DON'T BE A BIRD NAPPER! by Diane Dragotto Williams



Approaching spring, we have the privilege of watching many wild birds giving birth, and raising their young. But there are common problems that arise for our feathered friends during this delicate time. If you find a nestling on the ground, do you try to save it, or leave it? There is an “old wives tale” that says: if you handle a baby bird, the parents will detect human touch, and abandon the nestling. No so! Most avians, except for vultures and condors, have a poor sense of smell.                                                                                                                                                      By all means, carefully pick up that little creature, and place it back in the nest, if possible. If the nest is out of reach, another plan is to construct a second nest out of a box, or basket, and line it with soft tissues and cloths, and affix it as high as possible to the tree the nestling fell out of (away from crows, ravens, or cats), and the parents will feed the baby regularly. Be sure it is on a branch that shades it from the sun. Parent birds will search for their babies even after 24 to 48 hours of absence. Even if the nest or babies are gone by some accident, or attack, the parents remain in the home territory, searching for their family. Most avians make great foster parents for an abandoned baby of the same species and age of their own. So that is another answer for an orphaned bird. However, clean your hands well, after touching them, remembering that they can have bacteria, or parasites you don’t want to spread.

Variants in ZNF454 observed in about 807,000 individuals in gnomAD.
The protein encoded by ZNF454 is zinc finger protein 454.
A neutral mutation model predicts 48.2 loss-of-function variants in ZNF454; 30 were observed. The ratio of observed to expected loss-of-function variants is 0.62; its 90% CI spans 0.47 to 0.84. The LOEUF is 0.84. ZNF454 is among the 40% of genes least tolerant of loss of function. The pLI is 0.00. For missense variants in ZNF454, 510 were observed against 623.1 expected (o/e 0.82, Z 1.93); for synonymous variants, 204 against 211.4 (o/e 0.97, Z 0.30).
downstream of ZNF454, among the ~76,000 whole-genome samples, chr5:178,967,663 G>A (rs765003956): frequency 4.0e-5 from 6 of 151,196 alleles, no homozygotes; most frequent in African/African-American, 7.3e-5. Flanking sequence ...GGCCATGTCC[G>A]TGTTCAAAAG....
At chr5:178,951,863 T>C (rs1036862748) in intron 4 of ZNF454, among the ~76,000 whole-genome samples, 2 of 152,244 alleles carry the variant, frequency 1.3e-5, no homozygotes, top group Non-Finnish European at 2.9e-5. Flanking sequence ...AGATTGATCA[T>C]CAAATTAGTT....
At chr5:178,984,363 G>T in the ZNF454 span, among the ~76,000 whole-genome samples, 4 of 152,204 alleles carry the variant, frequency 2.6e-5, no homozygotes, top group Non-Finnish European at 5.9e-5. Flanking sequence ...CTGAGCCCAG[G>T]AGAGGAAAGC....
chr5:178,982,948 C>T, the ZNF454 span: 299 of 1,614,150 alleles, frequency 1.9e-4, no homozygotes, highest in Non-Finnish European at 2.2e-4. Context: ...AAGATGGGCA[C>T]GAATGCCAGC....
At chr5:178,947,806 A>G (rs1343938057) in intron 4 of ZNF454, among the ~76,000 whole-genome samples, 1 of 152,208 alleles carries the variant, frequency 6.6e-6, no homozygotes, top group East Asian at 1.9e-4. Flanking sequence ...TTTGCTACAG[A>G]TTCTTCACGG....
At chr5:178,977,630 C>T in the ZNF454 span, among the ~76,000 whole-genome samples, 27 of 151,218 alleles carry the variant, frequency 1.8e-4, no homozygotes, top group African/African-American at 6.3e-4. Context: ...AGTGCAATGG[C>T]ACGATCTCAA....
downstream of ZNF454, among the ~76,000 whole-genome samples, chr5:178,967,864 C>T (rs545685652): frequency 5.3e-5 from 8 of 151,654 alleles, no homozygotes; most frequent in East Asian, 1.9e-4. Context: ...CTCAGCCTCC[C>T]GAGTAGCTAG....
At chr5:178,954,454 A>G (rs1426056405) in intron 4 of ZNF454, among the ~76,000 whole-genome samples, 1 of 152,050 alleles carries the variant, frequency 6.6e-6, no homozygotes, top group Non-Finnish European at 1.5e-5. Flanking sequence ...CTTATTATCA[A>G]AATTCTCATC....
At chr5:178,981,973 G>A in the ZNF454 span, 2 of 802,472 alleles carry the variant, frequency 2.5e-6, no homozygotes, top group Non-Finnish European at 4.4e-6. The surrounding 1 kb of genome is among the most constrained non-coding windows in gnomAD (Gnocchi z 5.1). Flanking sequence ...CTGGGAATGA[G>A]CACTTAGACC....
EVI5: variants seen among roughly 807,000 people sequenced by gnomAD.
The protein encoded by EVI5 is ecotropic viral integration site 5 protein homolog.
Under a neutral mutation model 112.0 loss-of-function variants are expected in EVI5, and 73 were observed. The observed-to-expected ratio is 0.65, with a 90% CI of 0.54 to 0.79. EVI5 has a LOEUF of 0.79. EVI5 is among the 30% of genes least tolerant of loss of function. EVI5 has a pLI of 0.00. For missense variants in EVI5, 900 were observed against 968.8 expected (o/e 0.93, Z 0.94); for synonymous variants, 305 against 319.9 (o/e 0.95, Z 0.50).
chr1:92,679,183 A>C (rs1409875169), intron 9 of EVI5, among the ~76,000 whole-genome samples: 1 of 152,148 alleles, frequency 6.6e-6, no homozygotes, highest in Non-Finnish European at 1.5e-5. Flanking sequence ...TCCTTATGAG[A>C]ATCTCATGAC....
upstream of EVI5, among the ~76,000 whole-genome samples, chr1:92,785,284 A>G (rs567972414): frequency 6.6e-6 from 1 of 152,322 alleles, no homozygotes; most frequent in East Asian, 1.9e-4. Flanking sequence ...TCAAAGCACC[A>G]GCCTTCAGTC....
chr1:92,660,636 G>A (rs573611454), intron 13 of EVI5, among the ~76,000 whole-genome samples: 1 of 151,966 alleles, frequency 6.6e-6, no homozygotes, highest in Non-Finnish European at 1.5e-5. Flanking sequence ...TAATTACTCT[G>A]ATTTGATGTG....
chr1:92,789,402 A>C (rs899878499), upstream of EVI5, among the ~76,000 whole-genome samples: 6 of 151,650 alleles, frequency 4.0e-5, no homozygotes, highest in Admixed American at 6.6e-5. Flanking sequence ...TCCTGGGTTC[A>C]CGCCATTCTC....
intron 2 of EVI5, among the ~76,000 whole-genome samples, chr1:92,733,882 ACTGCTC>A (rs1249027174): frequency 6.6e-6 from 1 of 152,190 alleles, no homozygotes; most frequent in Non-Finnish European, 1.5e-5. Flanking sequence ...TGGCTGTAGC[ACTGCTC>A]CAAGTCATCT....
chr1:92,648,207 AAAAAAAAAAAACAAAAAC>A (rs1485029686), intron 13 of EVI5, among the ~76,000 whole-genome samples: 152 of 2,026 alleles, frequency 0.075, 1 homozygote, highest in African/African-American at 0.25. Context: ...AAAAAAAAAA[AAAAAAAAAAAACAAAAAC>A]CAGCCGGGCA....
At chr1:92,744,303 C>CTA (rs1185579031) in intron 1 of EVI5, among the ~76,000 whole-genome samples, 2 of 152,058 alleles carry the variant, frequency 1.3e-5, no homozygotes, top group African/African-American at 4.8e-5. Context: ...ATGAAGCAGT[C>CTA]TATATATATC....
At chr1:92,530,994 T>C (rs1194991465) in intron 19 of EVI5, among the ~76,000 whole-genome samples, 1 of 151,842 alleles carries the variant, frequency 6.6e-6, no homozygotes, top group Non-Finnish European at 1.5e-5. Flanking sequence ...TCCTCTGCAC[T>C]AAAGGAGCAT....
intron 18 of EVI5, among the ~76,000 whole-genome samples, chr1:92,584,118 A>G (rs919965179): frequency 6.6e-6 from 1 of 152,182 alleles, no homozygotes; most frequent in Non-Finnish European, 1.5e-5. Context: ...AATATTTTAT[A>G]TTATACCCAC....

If the baby bird is injured, or you can’t return it to a nest, place it in a small box with cloths, keep it warm, without feeding it, or giving it water, and immediately call a Wildlife Rehabilitator in your area. Don’t be tempted to let your children play with it, or allow any pets around it. Stress kills wildlife. And if you are not experienced in wildlife care, you can accidentally aspirate (drown) the bird by trying to feed it or give it water incorrectly. There is nothing worse in rescuing an animal, except, for it to die before it has a chance to be healed, or be returned to the wild.  

What if the bird is a fledgling, or brancher, and is found on the ground? Fledglings are fully feathered and have short tails and wings, and can perch, and hop, or walk. They are learning to fly, and are usually watched over by doting parents for about two weeks. It is normal for them to take a tumble, and fall in the process. The parents will guide the fledgling to a bush, and hide it away from predators, and continue to feed it. If the parents are momentarily away, perch the bird on your finger, and place it in a nearby “safe” bush to await the parents call. Parents communicate with their young, and will locate the bird, and may move it to another protected bush. If possible, watch the area, just in case the baby is an actual orphan, and needs to be rescued. And, obviously, keep all pets away from the area.

In California, it is against the law to raise and release wildlife, unless you have a permit. There are zoonotic diseases that can be spread, and regulations regarding certain non-native animals. Raising orphaned birds is a long process, and takes patience and expertise. This cannot be a science project for the family. Give the animal the chance it deserves, and leave it to the specialists. You will be a hero for saving that precious life, and for helping our ecosystem, as a whole!